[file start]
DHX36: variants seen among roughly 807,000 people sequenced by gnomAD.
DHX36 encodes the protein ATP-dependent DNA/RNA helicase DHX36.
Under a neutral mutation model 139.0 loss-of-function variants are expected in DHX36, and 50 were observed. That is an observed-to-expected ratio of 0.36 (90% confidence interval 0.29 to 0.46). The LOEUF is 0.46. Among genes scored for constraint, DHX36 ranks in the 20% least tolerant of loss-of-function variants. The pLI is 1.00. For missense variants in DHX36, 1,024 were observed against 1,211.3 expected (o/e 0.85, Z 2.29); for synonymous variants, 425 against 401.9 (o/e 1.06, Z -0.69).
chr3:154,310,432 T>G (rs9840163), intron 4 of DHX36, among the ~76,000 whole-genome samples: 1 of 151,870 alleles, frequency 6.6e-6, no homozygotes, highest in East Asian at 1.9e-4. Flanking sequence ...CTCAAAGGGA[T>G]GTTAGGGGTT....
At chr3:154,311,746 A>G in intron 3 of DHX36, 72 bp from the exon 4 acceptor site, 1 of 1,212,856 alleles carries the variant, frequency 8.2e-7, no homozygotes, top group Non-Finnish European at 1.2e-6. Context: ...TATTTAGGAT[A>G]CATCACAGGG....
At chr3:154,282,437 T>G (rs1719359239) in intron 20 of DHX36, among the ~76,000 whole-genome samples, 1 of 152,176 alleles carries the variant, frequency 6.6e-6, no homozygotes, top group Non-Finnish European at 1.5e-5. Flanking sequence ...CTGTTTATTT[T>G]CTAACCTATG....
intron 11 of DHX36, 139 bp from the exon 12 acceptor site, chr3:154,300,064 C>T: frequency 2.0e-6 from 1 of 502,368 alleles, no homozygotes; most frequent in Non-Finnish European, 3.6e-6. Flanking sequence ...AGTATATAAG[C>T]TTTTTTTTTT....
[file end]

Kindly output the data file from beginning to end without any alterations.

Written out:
DHX36: variants seen among roughly 807,000 people sequenced by gnomAD.
DHX36 encodes the protein ATP-dependent DNA/RNA helicase DHX36.
Under a neutral mutation model 139.0 loss-of-function variants are expected in DHX36, and 50 were observed. That is an observed-to-expected ratio of 0.36 (90% confidence interval 0.29 to 0.46). The LOEUF is 0.46. Among genes scored for constraint, DHX36 ranks in the 20% least tolerant of loss-of-function variants. The pLI is 1.00. For missense variants in DHX36, 1,024 were observed against 1,211.3 expected (o/e 0.85, Z 2.29); for synonymous variants, 425 against 401.9 (o/e 1.06, Z -0.69).
chr3:154,310,432 T>G (rs9840163), intron 4 of DHX36, among the ~76,000 whole-genome samples: 1 of 151,870 alleles, frequency 6.6e-6, no homozygotes, highest in East Asian at 1.9e-4. Flanking sequence ...CTCAAAGGGA[T>G]GTTAGGGGTT....
At chr3:154,311,746 A>G in intron 3 of DHX36, 72 bp from the exon 4 acceptor site, 1 of 1,212,856 alleles carries the variant, frequency 8.2e-7, no homozygotes, top group Non-Finnish European at 1.2e-6. Context: ...TATTTAGGAT[A>G]CATCACAGGG....
At chr3:154,282,437 T>G (rs1719359239) in intron 20 of DHX36, among the ~76,000 whole-genome samples, 1 of 152,176 alleles carries the variant, frequency 6.6e-6, no homozygotes, top group Non-Finnish European at 1.5e-5. Flanking sequence ...CTGTTTATTT[T>G]CTAACCTATG....
intron 11 of DHX36, 139 bp from the exon 12 acceptor site, chr3:154,300,064 C>T: frequency 2.0e-6 from 1 of 502,368 alleles, no homozygotes; most frequent in Non-Finnish European, 3.6e-6. Flanking sequence ...AGTATATAAG[C>T]TTTTTTTTTT....